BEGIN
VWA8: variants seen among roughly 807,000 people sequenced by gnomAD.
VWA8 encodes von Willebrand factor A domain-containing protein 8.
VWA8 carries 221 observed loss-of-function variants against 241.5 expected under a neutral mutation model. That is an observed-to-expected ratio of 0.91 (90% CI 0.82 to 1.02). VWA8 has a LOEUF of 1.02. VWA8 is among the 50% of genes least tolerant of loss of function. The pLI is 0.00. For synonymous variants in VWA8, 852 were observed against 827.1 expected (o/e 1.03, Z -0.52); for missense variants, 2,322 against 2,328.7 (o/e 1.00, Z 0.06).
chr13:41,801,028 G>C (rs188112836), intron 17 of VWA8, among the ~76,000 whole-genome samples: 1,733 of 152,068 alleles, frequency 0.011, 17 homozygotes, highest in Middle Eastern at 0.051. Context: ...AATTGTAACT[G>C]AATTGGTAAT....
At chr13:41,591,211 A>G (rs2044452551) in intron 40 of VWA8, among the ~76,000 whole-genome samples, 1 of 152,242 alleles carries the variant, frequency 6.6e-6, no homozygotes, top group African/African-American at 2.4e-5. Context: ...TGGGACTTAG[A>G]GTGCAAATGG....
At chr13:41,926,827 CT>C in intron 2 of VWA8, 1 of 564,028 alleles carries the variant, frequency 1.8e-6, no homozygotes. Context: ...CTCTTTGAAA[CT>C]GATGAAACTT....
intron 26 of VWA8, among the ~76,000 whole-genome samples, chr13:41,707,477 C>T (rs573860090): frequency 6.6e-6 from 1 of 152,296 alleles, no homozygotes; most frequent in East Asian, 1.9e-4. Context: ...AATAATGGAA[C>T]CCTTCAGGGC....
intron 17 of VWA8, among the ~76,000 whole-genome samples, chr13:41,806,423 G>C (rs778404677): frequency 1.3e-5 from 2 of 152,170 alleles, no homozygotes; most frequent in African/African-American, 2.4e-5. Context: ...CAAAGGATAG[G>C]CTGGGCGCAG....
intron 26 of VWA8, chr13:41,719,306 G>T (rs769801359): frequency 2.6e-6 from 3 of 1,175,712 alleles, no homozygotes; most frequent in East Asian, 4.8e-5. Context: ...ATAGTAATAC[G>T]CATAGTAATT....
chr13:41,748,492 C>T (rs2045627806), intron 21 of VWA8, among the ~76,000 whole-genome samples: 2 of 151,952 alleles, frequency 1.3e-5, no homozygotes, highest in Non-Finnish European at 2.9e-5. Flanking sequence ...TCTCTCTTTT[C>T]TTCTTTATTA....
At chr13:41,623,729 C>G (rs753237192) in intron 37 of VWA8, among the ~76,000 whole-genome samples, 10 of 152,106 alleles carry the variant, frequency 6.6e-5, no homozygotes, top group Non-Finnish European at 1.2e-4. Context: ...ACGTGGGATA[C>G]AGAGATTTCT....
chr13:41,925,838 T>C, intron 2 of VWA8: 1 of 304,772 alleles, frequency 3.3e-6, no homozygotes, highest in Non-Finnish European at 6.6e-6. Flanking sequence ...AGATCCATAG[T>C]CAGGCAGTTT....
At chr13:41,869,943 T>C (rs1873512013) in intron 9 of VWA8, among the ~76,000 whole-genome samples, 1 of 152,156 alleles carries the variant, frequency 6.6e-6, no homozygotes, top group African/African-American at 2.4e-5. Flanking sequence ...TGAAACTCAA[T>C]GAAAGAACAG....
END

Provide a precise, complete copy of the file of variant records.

VWA8: variants seen among roughly 807,000 people sequenced by gnomAD.
VWA8 encodes von Willebrand factor A domain-containing protein 8.
VWA8 carries 221 observed loss-of-function variants against 241.5 expected under a neutral mutation model. That is an observed-to-expected ratio of 0.91 (90% CI 0.82 to 1.02). VWA8 has a LOEUF of 1.02. VWA8 is among the 50% of genes least tolerant of loss of function. The pLI is 0.00. For synonymous variants in VWA8, 852 were observed against 827.1 expected (o/e 1.03, Z -0.52); for missense variants, 2,322 against 2,328.7 (o/e 1.00, Z 0.06).
chr13:41,801,028 G>C (rs188112836), intron 17 of VWA8, among the ~76,000 whole-genome samples: 1,733 of 152,068 alleles, frequency 0.011, 17 homozygotes, highest in Middle Eastern at 0.051. Context: ...AATTGTAACT[G>C]AATTGGTAAT....
At chr13:41,591,211 A>G (rs2044452551) in intron 40 of VWA8, among the ~76,000 whole-genome samples, 1 of 152,242 alleles carries the variant, frequency 6.6e-6, no homozygotes, top group African/African-American at 2.4e-5. Context: ...TGGGACTTAG[A>G]GTGCAAATGG....
At chr13:41,926,827 CT>C in intron 2 of VWA8, 1 of 564,028 alleles carries the variant, frequency 1.8e-6, no homozygotes. Context: ...CTCTTTGAAA[CT>C]GATGAAACTT....
intron 26 of VWA8, among the ~76,000 whole-genome samples, chr13:41,707,477 C>T (rs573860090): frequency 6.6e-6 from 1 of 152,296 alleles, no homozygotes; most frequent in East Asian, 1.9e-4. Context: ...AATAATGGAA[C>T]CCTTCAGGGC....
intron 17 of VWA8, among the ~76,000 whole-genome samples, chr13:41,806,423 G>C (rs778404677): frequency 1.3e-5 from 2 of 152,170 alleles, no homozygotes; most frequent in African/African-American, 2.4e-5. Context: ...CAAAGGATAG[G>C]CTGGGCGCAG....
intron 26 of VWA8, chr13:41,719,306 G>T (rs769801359): frequency 2.6e-6 from 3 of 1,175,712 alleles, no homozygotes; most frequent in East Asian, 4.8e-5. Context: ...ATAGTAATAC[G>T]CATAGTAATT....
chr13:41,748,492 C>T (rs2045627806), intron 21 of VWA8, among the ~76,000 whole-genome samples: 2 of 151,952 alleles, frequency 1.3e-5, no homozygotes, highest in Non-Finnish European at 2.9e-5. Flanking sequence ...TCTCTCTTTT[C>T]TTCTTTATTA....
At chr13:41,623,729 C>G (rs753237192) in intron 37 of VWA8, among the ~76,000 whole-genome samples, 10 of 152,106 alleles carry the variant, frequency 6.6e-5, no homozygotes, top group Non-Finnish European at 1.2e-4. Context: ...ACGTGGGATA[C>G]AGAGATTTCT....
chr13:41,925,838 T>C, intron 2 of VWA8: 1 of 304,772 alleles, frequency 3.3e-6, no homozygotes, highest in Non-Finnish European at 6.6e-6. Flanking sequence ...AGATCCATAG[T>C]CAGGCAGTTT....
At chr13:41,869,943 T>C (rs1873512013) in intron 9 of VWA8, among the ~76,000 whole-genome samples, 1 of 152,156 alleles carries the variant, frequency 6.6e-6, no homozygotes, top group African/African-American at 2.4e-5. Flanking sequence ...TGAAACTCAA[T>C]GAAAGAACAG....